The importance of One Belt One Road

di 🇬🇧 Alberto Bradanini pubblicato il 28/09/16

Riportiamo di seguito il key-note speech "on credit economy that deepens international cooperation" tenuto dal presidente del Centro Studi sulla Cina Contemporanea, Alberto Bradanini, il 27 febbraio a Yinchuan (Cina), durante il Forum on credit system along the Belt and Road

I congratulate the organizers, the Authorities of Ningxia Province and the city of Yinchuan for this conference, and I am grateful for the opportunity to provide my humble contribution.
One Belt One Road is an innovative strategy based on connectivity, cross-border capital flow, people to people exchanges and much more, a historical occasion for the economies of China, neighboring and distant countries. If it is to achieve its goals, and strengthen peace and stability, this project must be a win-win undertaking, bringing benefits to China and all the Nations involved.
Because of the size of investments and the weight of the countries concerned, OBOR also offers a unique opportunity to question some aspects of the international economic order that need to be changed, for a better and more stable world.


Some information and general purposes of OBOR are known. But we do not have yet a list of projects, with economic and social impact, methods of financing, and entities to be involved. A thorough clarity of priorities would trigger a larger response from international and local communities, especially small enterprises in participating countries.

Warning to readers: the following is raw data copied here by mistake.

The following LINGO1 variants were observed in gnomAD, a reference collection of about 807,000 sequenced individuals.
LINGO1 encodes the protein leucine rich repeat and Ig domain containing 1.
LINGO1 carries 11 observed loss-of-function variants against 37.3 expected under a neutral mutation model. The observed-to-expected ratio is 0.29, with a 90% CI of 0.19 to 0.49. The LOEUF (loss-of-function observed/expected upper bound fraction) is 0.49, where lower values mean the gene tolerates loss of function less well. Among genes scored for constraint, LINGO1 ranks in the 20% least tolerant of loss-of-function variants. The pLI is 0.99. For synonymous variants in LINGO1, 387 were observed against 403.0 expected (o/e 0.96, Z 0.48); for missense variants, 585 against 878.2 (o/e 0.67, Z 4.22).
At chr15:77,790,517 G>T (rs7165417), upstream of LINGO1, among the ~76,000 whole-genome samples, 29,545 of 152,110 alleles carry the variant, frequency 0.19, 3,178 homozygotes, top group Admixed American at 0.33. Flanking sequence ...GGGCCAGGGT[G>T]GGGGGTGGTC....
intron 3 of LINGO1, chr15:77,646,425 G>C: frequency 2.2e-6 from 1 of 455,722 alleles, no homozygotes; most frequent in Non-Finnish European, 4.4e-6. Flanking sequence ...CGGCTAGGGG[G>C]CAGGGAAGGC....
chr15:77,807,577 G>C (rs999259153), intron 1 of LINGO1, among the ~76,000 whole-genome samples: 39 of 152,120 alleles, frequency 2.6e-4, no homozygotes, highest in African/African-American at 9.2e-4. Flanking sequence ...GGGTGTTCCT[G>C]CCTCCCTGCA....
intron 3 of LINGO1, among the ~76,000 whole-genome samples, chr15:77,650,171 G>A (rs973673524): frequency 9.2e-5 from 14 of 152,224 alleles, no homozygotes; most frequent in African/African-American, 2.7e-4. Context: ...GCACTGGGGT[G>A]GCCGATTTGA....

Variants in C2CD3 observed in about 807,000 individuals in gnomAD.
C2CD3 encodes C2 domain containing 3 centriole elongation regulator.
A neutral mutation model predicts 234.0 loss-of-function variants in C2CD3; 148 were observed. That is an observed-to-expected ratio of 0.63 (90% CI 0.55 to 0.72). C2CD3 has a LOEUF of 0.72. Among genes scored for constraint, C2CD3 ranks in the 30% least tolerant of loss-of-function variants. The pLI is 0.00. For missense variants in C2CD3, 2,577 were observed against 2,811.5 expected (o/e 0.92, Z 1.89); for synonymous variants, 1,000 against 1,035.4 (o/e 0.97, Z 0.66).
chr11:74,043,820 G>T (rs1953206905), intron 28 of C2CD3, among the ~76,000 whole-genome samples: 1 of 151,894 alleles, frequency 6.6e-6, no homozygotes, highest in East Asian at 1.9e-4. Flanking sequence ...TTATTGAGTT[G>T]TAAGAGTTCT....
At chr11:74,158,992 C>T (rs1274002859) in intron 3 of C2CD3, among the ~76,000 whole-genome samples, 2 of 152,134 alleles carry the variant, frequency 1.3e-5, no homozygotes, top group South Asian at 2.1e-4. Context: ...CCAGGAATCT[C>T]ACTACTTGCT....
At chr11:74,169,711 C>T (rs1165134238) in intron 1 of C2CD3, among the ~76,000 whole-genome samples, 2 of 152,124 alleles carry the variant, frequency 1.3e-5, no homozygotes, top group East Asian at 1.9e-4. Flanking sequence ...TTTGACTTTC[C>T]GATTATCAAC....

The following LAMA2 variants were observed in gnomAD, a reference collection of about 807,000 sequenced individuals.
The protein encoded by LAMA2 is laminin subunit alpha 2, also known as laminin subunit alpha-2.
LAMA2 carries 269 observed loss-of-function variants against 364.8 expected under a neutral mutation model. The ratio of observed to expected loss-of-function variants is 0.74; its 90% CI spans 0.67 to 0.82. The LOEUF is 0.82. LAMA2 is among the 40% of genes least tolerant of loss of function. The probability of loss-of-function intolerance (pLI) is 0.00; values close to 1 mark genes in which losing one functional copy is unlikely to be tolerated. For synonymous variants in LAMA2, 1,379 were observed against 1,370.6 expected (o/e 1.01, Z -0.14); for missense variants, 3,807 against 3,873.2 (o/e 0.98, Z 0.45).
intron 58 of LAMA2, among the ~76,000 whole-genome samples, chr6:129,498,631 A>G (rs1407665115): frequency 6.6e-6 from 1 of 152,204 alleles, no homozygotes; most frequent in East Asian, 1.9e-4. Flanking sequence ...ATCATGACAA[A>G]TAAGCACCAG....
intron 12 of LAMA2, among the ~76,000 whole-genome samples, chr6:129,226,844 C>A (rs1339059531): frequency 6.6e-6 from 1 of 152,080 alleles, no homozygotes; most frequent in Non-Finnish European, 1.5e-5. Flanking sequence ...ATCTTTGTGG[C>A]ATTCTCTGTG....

An another issue seems to me crucial: the wealth produced should be fairly distributed among people, with the aim to raise the living standards of the majority of populations. It is now evident that the lesson of the severe 2008 world financial crisis has been ignored. The financial system has remained the same. The international economic order is messy, too much finance in relation to the underlying economic activity. We badly need new structures, a new monitoring system, both independent from private interests.
Small business should be favored, instead of Transnational Corporations, largest financial institutions, monopolies and oligopolies. These groups occupy too much of our economies, and take (or heavily influence) crucial decisions that should be made by Governments. Transnational Corporations have the power, inter alia, to bring down small and medium-sized companies that, in my view, should be those to benefit more from OBOR investments. The whole process should therefore remain in public hands and serve public interests.


As for credit, this again should be made more available to sound SME’s, and less to Big Corporations. Public scrutiny is here essential. It is worth reminding that the Big Three rating agencies which had been accomplices of the sub-primes disaster - that in 2008 spread from America to the rest of the world - keep running 95% of the credit rating market. We should have an effective competition and more public supervision. Western governance (now with China’s help) should be able to reduce the oligopolistic advantage of the those agencies, whose behavior has not proven to be neutral. The rating industry needs new models, talents, theories and techniques, and certainly more integrity and transparency.
Opacity is one of the factors that makes the global economy unstable. We need a bold debate with stakeholders, experts and especially people affected by these distortions. This reflection should focus on: 1) first, how to anticipate credit crises, since prevention is better than cure; 2) new principles for setting a different rating system; 3) new models for linking ratings and capital flows; 4) realistic conditions under which credit ratings are incorporated into the world’s economic governance; and finally 5) how to integrate a sound Chinese credit system into the world economy.